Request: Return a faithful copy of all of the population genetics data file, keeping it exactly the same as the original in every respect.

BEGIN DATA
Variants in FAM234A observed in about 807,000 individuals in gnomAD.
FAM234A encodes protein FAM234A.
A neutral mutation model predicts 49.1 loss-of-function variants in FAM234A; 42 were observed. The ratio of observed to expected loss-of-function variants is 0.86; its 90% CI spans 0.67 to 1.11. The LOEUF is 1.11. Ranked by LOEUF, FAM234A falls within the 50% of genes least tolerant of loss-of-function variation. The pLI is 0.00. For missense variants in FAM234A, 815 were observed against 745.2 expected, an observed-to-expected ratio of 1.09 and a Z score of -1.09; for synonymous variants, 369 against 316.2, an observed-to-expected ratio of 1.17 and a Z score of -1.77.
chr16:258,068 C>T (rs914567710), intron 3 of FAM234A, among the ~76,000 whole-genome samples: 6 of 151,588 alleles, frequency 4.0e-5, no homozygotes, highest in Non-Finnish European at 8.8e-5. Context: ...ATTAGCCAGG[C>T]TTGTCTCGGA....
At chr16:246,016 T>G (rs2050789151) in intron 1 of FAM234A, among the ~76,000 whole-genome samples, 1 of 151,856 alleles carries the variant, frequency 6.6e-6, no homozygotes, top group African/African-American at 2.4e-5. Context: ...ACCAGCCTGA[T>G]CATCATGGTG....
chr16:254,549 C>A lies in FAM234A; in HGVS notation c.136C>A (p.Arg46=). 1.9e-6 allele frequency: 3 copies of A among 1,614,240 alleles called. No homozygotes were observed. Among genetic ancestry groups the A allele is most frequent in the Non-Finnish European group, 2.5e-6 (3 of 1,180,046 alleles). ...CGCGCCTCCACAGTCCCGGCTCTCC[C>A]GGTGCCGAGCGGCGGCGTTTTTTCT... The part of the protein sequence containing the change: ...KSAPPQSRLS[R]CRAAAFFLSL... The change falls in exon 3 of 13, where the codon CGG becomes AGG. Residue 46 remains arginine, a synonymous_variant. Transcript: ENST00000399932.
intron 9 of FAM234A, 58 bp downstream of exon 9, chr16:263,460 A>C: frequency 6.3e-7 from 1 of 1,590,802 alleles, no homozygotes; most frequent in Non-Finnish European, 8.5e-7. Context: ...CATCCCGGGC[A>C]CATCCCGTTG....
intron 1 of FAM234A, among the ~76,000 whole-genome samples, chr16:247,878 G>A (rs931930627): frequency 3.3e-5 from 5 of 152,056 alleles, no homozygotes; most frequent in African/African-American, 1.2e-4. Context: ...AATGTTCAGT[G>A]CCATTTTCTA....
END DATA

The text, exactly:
Variants in FAM234A observed in about 807,000 individuals in gnomAD.
FAM234A encodes protein FAM234A.
A neutral mutation model predicts 49.1 loss-of-function variants in FAM234A; 42 were observed. The ratio of observed to expected loss-of-function variants is 0.86; its 90% CI spans 0.67 to 1.11. The LOEUF is 1.11. Ranked by LOEUF, FAM234A falls within the 50% of genes least tolerant of loss-of-function variation. The pLI is 0.00. For missense variants in FAM234A, 815 were observed against 745.2 expected, an observed-to-expected ratio of 1.09 and a Z score of -1.09; for synonymous variants, 369 against 316.2, an observed-to-expected ratio of 1.17 and a Z score of -1.77.
chr16:258,068 C>T (rs914567710), intron 3 of FAM234A, among the ~76,000 whole-genome samples: 6 of 151,588 alleles, frequency 4.0e-5, no homozygotes, highest in Non-Finnish European at 8.8e-5. Context: ...ATTAGCCAGG[C>T]TTGTCTCGGA....
At chr16:246,016 T>G (rs2050789151) in intron 1 of FAM234A, among the ~76,000 whole-genome samples, 1 of 151,856 alleles carries the variant, frequency 6.6e-6, no homozygotes, top group African/African-American at 2.4e-5. Context: ...ACCAGCCTGA[T>G]CATCATGGTG....
chr16:254,549 C>A lies in FAM234A; in HGVS notation c.136C>A (p.Arg46=). 1.9e-6 allele frequency: 3 copies of A among 1,614,240 alleles called. No homozygotes were observed. Among genetic ancestry groups the A allele is most frequent in the Non-Finnish European group, 2.5e-6 (3 of 1,180,046 alleles). ...CGCGCCTCCACAGTCCCGGCTCTCC[C>A]GGTGCCGAGCGGCGGCGTTTTTTCT... The part of the protein sequence containing the change: ...KSAPPQSRLS[R]CRAAAFFLSL... The change falls in exon 3 of 13, where the codon CGG becomes AGG. Residue 46 remains arginine, a synonymous_variant. Transcript: ENST00000399932.
intron 9 of FAM234A, 58 bp downstream of exon 9, chr16:263,460 A>C: frequency 6.3e-7 from 1 of 1,590,802 alleles, no homozygotes; most frequent in Non-Finnish European, 8.5e-7. Context: ...CATCCCGGGC[A>C]CATCCCGTTG....
intron 1 of FAM234A, among the ~76,000 whole-genome samples, chr16:247,878 G>A (rs931930627): frequency 3.3e-5 from 5 of 152,056 alleles, no homozygotes; most frequent in African/African-American, 1.2e-4. Context: ...AATGTTCAGT[G>A]CCATTTTCTA....